In a recent New York Times article on the dangers and downsides of headphone us, Virginia Heffernan makes the case that headphones–those little earbuds that are placed inside the ear, actually–put users at risk for early hearing loss. Not only that, but they isolate us from one another; headphones are an antisocial technology. Herffernan elaborates:
“Headphones work best for people who need or want to hear one sound story and no other; who don’t want to have to choose which sounds to listen to and which to ignore; and who don’t want their sounds overheard. Under these circumstances, headphones are extremely useful — and necessary for sound professionals, like intelligence and radio workers — but it’s a strange fact of our times that this rarefied experience of sound has become so common and widespread. In the name of living a sensory life, it’s worth letting sounds exist in their audio habitat more often, even if that means contending with interruptions and background sound.”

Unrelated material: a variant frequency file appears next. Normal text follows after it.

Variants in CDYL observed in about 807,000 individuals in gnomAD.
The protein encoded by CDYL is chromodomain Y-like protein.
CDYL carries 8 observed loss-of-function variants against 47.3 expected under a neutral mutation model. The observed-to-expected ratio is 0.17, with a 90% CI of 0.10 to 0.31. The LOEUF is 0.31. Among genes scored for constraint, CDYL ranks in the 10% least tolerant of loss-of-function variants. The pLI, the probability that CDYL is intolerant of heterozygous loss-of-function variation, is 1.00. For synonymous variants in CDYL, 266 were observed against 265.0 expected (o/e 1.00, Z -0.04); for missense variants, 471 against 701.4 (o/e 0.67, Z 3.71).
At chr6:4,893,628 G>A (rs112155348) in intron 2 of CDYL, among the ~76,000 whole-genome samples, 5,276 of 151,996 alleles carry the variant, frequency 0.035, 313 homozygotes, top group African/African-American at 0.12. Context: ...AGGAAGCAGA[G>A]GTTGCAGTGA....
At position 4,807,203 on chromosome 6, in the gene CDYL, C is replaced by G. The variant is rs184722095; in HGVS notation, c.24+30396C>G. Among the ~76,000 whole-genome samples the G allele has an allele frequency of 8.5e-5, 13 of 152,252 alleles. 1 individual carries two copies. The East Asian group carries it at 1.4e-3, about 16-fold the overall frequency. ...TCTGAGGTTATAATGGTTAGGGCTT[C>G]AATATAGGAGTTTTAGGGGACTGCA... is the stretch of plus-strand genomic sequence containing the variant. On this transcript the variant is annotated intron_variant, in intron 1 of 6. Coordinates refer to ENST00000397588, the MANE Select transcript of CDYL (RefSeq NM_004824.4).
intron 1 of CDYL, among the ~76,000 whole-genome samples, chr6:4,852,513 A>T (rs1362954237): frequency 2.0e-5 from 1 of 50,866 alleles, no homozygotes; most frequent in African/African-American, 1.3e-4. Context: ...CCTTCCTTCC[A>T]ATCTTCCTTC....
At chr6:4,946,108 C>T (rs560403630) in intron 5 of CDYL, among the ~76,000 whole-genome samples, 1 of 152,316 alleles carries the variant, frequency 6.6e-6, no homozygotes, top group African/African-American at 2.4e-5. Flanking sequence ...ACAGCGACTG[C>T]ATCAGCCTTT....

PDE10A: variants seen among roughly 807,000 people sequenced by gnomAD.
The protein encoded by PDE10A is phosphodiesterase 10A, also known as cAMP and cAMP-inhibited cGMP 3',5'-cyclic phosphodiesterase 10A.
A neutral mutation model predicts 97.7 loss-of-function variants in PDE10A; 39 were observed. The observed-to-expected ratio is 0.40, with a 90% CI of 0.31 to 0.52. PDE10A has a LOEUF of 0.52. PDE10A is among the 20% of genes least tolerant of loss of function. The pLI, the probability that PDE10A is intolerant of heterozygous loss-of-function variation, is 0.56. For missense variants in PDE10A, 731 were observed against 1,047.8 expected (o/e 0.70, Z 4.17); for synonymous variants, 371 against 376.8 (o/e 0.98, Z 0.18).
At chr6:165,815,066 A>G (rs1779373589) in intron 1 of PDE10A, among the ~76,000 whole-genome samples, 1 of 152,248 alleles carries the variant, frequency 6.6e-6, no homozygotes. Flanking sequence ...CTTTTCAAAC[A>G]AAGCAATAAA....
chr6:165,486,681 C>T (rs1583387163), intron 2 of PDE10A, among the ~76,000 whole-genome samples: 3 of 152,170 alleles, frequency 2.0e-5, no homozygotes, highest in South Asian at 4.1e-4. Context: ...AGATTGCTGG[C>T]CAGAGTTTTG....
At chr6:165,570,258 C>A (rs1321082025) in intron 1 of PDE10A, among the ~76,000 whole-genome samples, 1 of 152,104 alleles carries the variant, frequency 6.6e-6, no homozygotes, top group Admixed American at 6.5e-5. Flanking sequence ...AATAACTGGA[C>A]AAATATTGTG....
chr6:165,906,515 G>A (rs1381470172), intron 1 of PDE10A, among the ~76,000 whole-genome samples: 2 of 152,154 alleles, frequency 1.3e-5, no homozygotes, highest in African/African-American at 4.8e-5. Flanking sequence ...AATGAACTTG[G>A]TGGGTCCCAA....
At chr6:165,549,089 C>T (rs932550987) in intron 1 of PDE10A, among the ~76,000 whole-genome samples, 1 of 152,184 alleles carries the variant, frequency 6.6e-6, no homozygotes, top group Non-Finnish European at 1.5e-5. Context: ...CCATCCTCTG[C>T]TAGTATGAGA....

There is a lot to like here and also probe further. First, I think it is a good thing that this “rarefied experience of sound” has become accessible to people besides sound professionals. Why? Because experiencing the multi-dimensional world of sound through a good set of headphones is a thrilling cognitive ride. Even those little ipod ear bud headphones pumping out low-resolution MP3 files can sound decent enough. And I think this immersive experience of headphone listening can be a part of living a good “sensory life.” Second, “letting sounds exist in their audio habitat” is something that is in fact hard to do if you’re wearing headphones all the time. So, yes: take some time to listen to your soundscape, to try to discern the endless layers of foreground and background sounds wherever you may be. Finally, from a musician’s perspective, we need to remember that headphones are invaluable for close listening: it enables us to examine sounds as if under a microscope. This may not be “natural” or how sounds are perceived in the everyday acoustic world, but listening to sound over a good set of headphones is to encounter the microworlds of sound.